Boston: Little, Brown, and Company, 1930. First edition of this history of feminist literary tradition in the English language. Each chapter focuses on a key literary figure (Mary Wollestonecraft, the Brontës, Charlotte Perkins Gilman, Rebecca West, and more). With five plates, including a frontispiece of Mary Wollestonecraft. Inscribed by the author, “To my good friend, Andrew McCauce / In memory of many happy hours spent among his books” (January 1930). With one TLS and one ALS laid in, both discussing the present work, from Wellington to McCauce (in Wellington’s letterhead envelope). A near fine copy in the near fine original dust jacket, with additional material laid in. Publisher’s purple cloth. In the original pink dust jacket printed in purple. Octavo. 204 pp. Item #17541
The two letters discuss Wellington’s writing of the present work, the positive reviews she received in the Boston Herald and other publications, and her friendship with Andrew McCauce (who, she writes, was the first to send her a letter her after the publication of the present work). In the TLS, she writes, “God knows how I managed to build that little book—chapter by chapter, sometimes not knowing whether I should ever be able to write the next…Already the next book is shaping up, and somehow I feel sure that it will be completed more quickly and easily than Women Have Told.” In the ALS, Wellington notes that the present work would “head the woman section” of the next edition of Charles and Mary Beards’ bibliography Rise of American Civilization. Amy Wellington was the editor of the magazine Current Opinion and a close friend of Charlotte Perkins Gilman. She edited Gilman’s poetry and was an ardent promoter of her work. In an 1899 letter, Gilman praised Wellington’s “pure love and discipleship” toward her after Wellington helped secure funding for one of Gilman’s books. Women Have Told appears to be Wellington’s only published book, though she also published articles in Woman Citizen and other periodicals. We could not locate any information about Andrew McCauce, though the letters from Wellington imply that he was a Boston writer or editor, possibly for the Herald.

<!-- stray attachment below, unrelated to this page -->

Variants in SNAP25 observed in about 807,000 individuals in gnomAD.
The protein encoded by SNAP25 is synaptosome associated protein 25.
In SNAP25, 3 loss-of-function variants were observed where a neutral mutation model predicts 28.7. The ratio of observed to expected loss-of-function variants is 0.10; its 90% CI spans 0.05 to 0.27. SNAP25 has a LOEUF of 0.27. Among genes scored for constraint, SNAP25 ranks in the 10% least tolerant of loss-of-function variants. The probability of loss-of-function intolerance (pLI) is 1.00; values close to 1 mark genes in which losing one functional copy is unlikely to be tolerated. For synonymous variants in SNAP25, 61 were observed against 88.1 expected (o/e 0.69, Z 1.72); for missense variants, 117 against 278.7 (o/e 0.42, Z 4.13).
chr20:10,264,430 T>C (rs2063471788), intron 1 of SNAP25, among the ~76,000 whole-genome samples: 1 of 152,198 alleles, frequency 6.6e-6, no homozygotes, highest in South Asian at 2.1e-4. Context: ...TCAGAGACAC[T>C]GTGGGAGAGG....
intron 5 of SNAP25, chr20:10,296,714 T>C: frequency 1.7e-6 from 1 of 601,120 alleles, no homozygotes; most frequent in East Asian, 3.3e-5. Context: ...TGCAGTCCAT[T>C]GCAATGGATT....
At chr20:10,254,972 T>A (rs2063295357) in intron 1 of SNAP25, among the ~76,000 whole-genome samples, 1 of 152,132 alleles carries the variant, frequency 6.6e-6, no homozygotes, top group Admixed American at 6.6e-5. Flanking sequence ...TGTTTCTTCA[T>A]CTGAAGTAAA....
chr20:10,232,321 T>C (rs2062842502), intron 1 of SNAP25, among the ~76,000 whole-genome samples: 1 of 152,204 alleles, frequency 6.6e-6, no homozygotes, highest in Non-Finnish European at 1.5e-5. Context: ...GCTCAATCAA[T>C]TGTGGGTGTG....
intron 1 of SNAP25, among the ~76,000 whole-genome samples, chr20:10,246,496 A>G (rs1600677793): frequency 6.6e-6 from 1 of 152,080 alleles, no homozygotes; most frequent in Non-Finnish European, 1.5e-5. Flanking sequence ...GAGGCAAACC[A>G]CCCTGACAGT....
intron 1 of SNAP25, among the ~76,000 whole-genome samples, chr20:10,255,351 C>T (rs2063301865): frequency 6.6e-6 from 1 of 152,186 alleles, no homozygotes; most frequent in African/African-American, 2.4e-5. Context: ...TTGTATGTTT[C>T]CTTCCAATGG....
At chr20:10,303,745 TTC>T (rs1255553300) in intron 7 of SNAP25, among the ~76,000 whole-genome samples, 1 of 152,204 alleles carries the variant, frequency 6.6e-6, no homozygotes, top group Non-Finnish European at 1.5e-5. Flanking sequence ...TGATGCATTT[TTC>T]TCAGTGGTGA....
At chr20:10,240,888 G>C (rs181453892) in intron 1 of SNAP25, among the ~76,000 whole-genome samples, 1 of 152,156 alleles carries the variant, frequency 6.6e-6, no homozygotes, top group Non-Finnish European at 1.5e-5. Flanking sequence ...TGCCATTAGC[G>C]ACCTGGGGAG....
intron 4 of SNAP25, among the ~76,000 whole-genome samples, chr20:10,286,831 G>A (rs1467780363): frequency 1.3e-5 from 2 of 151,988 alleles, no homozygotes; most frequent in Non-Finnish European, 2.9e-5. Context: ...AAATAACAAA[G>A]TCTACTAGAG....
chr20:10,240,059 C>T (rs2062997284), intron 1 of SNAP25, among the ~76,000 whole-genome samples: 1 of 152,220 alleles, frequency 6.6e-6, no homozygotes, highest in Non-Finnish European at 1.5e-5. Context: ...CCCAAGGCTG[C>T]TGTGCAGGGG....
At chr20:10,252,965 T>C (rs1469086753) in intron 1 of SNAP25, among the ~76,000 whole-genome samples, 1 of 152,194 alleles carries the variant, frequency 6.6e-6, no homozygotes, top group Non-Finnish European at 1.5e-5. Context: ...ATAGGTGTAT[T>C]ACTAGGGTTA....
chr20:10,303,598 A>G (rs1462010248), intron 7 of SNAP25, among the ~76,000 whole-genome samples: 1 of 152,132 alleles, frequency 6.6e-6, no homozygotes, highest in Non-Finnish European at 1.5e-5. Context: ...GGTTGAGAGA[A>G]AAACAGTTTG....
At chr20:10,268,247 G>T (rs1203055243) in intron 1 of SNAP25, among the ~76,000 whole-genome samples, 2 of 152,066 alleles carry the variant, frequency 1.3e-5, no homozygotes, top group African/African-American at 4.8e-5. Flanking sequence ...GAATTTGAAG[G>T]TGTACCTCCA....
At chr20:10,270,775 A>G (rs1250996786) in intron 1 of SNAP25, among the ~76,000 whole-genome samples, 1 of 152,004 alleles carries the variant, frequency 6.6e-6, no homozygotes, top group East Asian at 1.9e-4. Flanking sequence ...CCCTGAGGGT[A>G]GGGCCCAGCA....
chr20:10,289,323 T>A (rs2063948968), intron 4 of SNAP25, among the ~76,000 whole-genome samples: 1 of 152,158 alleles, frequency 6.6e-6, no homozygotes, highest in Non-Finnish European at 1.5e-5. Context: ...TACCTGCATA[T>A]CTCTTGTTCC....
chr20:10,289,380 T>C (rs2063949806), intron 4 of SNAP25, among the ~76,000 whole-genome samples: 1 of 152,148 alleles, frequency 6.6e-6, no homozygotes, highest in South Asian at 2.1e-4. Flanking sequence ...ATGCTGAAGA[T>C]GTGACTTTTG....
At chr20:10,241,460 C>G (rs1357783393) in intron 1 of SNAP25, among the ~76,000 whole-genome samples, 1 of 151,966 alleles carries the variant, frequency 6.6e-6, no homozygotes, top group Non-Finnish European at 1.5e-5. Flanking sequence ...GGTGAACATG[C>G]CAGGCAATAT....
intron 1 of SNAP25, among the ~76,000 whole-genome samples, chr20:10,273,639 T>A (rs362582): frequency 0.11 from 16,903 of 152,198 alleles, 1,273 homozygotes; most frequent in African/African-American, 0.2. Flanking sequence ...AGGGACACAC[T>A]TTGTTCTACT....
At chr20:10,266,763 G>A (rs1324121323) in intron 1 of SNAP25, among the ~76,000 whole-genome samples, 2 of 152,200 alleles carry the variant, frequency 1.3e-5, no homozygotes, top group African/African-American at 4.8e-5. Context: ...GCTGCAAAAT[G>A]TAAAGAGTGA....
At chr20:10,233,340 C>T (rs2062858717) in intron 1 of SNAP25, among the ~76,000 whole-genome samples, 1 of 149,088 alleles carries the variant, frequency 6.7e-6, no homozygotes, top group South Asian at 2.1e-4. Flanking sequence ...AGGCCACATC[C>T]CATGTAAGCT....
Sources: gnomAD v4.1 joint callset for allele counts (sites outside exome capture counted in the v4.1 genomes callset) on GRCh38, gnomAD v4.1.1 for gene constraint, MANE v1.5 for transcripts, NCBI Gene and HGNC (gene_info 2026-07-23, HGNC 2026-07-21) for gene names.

Hill, Mary A., editor. The Love Letters of Charlotte Perkins Gilman (1995), pp. 296, 411.